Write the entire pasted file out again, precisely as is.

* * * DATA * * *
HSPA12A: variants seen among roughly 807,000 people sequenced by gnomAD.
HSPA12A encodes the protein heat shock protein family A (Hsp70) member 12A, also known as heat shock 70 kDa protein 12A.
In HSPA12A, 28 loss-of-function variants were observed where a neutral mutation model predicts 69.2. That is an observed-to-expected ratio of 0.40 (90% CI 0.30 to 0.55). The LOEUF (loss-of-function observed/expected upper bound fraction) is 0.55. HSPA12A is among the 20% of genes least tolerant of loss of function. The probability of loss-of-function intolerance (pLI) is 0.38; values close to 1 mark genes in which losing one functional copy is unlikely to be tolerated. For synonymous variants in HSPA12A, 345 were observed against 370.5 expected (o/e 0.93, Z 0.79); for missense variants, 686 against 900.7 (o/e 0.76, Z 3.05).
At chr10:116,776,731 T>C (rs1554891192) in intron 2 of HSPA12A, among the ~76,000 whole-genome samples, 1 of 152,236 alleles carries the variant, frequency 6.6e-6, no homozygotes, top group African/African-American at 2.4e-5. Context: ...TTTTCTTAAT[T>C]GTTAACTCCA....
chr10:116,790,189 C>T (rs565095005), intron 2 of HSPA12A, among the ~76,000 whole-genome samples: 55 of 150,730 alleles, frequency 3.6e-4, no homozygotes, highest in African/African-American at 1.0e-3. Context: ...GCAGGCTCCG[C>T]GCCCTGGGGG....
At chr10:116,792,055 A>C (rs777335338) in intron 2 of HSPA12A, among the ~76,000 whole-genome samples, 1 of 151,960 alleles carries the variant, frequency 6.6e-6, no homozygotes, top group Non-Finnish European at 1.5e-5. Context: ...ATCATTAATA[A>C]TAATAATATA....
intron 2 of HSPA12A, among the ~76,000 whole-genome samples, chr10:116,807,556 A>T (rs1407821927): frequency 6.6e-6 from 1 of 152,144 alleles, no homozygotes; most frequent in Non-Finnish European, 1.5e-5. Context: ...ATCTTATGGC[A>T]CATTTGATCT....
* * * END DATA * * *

HSPA12A: variants seen among roughly 807,000 people sequenced by gnomAD.
HSPA12A encodes the protein heat shock protein family A (Hsp70) member 12A, also known as heat shock 70 kDa protein 12A.
In HSPA12A, 28 loss-of-function variants were observed where a neutral mutation model predicts 69.2. That is an observed-to-expected ratio of 0.40 (90% CI 0.30 to 0.55). The LOEUF (loss-of-function observed/expected upper bound fraction) is 0.55. HSPA12A is among the 20% of genes least tolerant of loss of function. The probability of loss-of-function intolerance (pLI) is 0.38; values close to 1 mark genes in which losing one functional copy is unlikely to be tolerated. For synonymous variants in HSPA12A, 345 were observed against 370.5 expected (o/e 0.93, Z 0.79); for missense variants, 686 against 900.7 (o/e 0.76, Z 3.05).
At chr10:116,776,731 T>C (rs1554891192) in intron 2 of HSPA12A, among the ~76,000 whole-genome samples, 1 of 152,236 alleles carries the variant, frequency 6.6e-6, no homozygotes, top group African/African-American at 2.4e-5. Context: ...TTTTCTTAAT[T>C]GTTAACTCCA....
chr10:116,790,189 C>T (rs565095005), intron 2 of HSPA12A, among the ~76,000 whole-genome samples: 55 of 150,730 alleles, frequency 3.6e-4, no homozygotes, highest in African/African-American at 1.0e-3. Context: ...GCAGGCTCCG[C>T]GCCCTGGGGG....
At chr10:116,792,055 A>C (rs777335338) in intron 2 of HSPA12A, among the ~76,000 whole-genome samples, 1 of 151,960 alleles carries the variant, frequency 6.6e-6, no homozygotes, top group Non-Finnish European at 1.5e-5. Context: ...ATCATTAATA[A>C]TAATAATATA....
intron 2 of HSPA12A, among the ~76,000 whole-genome samples, chr10:116,807,556 A>T (rs1407821927): frequency 6.6e-6 from 1 of 152,144 alleles, no homozygotes; most frequent in Non-Finnish European, 1.5e-5. Context: ...ATCTTATGGC[A>T]CATTTGATCT....